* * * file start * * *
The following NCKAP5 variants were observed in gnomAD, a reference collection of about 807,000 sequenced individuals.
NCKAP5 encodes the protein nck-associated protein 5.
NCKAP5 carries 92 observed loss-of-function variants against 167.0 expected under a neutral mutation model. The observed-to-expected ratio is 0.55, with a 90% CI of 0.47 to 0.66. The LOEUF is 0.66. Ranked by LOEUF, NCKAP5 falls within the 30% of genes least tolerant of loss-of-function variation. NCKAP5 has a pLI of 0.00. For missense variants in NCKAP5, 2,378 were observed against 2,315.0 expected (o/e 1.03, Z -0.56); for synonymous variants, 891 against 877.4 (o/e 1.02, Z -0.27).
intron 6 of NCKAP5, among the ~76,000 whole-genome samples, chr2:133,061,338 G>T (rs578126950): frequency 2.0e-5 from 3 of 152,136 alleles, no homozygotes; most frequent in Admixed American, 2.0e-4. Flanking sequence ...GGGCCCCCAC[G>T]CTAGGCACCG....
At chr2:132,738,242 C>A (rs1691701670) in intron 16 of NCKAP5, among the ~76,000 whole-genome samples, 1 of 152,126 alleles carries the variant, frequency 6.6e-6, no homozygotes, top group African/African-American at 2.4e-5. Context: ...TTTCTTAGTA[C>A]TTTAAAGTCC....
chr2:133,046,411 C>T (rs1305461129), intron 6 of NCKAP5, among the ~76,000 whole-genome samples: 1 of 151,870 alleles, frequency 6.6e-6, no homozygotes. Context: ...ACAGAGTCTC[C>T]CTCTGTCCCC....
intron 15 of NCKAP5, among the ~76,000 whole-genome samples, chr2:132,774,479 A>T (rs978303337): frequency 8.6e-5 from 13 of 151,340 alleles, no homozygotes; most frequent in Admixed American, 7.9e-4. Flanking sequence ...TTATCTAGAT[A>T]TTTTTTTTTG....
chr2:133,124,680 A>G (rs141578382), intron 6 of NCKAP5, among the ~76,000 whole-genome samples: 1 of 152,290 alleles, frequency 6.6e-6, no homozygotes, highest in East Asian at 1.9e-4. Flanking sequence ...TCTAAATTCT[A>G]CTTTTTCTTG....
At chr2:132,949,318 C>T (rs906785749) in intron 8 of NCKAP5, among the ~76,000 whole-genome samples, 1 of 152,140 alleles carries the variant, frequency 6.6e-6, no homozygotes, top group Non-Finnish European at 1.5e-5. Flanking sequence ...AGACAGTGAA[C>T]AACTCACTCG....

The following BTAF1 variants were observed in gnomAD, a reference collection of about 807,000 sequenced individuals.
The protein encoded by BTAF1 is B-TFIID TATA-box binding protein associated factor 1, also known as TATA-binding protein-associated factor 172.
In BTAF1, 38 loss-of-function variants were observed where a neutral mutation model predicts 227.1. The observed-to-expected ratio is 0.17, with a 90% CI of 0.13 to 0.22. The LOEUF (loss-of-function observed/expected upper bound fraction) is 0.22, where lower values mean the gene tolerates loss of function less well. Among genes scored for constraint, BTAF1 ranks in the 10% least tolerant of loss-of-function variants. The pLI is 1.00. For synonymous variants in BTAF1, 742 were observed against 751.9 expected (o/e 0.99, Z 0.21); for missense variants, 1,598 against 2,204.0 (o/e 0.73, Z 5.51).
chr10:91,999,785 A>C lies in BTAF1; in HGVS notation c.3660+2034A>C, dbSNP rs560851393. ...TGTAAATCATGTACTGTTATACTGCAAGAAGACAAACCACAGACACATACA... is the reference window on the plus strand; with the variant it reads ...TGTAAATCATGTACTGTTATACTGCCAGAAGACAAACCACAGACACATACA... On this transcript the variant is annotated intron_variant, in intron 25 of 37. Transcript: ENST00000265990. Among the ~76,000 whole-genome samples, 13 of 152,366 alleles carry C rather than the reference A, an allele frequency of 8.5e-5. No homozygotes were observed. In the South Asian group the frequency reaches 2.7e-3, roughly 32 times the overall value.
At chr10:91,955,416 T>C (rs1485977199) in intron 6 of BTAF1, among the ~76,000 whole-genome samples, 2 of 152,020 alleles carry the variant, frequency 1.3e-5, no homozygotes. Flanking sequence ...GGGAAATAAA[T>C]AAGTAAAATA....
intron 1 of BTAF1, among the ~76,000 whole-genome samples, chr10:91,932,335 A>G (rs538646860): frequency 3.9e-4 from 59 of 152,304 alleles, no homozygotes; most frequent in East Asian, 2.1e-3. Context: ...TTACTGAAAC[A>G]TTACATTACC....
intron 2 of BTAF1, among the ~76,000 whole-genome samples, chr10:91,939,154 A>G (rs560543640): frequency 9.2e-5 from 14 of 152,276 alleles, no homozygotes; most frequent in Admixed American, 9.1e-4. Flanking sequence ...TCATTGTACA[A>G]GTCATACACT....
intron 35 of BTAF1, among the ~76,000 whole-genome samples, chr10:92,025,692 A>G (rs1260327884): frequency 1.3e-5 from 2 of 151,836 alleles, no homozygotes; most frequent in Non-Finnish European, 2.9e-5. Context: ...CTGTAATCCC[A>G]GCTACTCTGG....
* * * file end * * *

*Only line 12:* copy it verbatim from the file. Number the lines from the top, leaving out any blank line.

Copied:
In BTAF1, 38 loss-of-function variants were observed where a neutral mutation model predicts 227.1. The observed-to-expected ratio is 0.17, with a 90% CI of 0.13 to 0.22. The LOEUF (loss-of-function observed/expected upper bound fraction) is 0.22, where lower values mean the gene tolerates loss of function less well. Among genes scored for constraint, BTAF1 ranks in the 10% least tolerant of loss-of-function variants. The pLI is 1.00. For synonymous variants in BTAF1, 742 were observed against 751.9 expected (o/e 0.99, Z 0.21); for missense variants, 1,598 against 2,204.0 (o/e 0.73, Z 5.51).